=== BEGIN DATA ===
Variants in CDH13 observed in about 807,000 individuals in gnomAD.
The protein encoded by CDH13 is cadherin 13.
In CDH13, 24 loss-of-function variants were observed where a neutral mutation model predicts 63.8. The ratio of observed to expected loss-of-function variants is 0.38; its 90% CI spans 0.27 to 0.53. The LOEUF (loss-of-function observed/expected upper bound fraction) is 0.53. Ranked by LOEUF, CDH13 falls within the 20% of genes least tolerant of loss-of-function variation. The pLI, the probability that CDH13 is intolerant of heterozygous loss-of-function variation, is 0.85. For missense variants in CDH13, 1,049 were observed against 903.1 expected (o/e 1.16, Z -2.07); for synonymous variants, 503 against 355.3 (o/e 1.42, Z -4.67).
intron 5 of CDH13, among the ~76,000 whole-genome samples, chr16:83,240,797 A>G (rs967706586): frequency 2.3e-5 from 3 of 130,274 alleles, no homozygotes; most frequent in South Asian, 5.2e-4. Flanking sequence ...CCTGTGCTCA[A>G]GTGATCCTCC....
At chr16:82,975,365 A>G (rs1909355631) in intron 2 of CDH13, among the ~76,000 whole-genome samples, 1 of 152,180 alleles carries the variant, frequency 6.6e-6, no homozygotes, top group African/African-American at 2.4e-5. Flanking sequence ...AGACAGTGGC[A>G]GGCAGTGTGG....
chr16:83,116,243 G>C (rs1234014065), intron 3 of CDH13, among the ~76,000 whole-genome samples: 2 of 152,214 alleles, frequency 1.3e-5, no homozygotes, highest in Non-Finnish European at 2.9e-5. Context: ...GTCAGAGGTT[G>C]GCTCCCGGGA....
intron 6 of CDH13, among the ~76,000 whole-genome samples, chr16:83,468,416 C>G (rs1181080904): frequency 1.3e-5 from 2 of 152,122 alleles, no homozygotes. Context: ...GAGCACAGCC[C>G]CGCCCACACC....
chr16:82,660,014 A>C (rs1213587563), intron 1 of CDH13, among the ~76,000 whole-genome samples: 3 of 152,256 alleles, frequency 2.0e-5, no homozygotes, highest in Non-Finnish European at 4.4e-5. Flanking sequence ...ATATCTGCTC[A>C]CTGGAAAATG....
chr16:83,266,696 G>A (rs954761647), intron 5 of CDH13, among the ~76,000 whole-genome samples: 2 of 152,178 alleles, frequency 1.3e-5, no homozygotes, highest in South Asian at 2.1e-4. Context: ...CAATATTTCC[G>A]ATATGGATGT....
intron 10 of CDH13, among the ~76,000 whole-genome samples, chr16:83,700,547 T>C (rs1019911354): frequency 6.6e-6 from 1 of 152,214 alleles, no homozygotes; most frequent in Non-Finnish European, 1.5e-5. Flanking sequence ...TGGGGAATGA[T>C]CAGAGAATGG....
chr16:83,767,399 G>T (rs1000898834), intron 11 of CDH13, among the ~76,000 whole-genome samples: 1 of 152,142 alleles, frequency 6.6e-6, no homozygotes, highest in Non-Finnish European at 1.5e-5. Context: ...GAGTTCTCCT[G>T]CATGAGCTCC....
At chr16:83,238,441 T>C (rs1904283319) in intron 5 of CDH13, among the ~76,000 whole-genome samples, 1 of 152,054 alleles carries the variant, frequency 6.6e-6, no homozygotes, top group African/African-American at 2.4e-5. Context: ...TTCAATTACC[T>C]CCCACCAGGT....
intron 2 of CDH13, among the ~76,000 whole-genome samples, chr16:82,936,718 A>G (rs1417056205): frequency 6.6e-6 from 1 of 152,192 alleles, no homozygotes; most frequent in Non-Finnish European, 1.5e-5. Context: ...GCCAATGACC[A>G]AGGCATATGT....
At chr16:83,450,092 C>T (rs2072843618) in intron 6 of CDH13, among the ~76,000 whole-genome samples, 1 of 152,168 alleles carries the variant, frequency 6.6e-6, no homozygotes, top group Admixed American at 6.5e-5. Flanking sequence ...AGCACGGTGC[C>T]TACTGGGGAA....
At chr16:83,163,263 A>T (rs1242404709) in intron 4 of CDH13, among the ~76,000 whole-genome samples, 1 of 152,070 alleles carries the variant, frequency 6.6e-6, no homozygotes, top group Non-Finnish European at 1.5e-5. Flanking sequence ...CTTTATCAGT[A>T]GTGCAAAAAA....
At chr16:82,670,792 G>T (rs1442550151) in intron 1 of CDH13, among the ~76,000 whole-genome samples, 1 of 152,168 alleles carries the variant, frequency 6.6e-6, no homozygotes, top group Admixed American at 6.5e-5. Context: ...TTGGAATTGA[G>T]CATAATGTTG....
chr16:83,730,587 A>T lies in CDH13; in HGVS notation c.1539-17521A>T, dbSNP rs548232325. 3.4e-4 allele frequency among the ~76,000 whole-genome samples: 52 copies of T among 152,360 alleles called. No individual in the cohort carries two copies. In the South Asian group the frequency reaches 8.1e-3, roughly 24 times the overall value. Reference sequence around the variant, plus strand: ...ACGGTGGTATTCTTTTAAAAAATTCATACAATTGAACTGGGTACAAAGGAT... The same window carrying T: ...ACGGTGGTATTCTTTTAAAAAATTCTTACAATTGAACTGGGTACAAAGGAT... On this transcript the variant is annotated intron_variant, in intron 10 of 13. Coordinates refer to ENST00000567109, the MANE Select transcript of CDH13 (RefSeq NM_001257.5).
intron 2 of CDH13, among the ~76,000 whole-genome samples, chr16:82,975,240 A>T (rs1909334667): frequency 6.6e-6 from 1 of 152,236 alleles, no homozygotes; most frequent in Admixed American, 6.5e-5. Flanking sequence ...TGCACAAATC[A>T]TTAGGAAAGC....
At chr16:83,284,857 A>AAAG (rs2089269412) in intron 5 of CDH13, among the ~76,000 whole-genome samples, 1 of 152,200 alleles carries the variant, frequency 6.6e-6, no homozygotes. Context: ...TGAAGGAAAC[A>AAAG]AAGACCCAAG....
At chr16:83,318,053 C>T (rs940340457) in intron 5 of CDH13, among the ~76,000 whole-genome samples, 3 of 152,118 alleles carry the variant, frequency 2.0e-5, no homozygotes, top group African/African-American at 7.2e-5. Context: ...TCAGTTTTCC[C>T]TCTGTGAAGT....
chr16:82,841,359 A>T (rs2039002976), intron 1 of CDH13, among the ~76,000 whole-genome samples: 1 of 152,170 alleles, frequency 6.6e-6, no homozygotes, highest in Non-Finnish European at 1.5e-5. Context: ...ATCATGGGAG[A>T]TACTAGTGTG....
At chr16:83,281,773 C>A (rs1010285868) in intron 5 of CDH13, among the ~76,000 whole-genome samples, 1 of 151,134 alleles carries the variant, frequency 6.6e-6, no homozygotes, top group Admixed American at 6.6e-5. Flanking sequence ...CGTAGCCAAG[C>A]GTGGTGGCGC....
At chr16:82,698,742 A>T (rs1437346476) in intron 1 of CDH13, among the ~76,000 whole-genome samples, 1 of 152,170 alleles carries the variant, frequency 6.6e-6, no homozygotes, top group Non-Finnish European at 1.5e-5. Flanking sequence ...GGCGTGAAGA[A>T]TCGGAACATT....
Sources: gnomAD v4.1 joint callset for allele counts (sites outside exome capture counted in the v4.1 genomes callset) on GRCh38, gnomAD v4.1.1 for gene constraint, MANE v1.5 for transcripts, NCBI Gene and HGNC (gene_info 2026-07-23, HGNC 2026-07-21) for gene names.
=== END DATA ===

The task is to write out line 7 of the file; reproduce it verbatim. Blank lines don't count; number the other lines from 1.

intron 6 of CDH13, among the ~76,000 whole-genome samples, chr16:83,468,416 C>G (rs1181080904): frequency 1.3e-5 from 2 of 152,122 alleles, no homozygotes. Context: ...GAGCACAGCC[C>G]CGCCCACACC....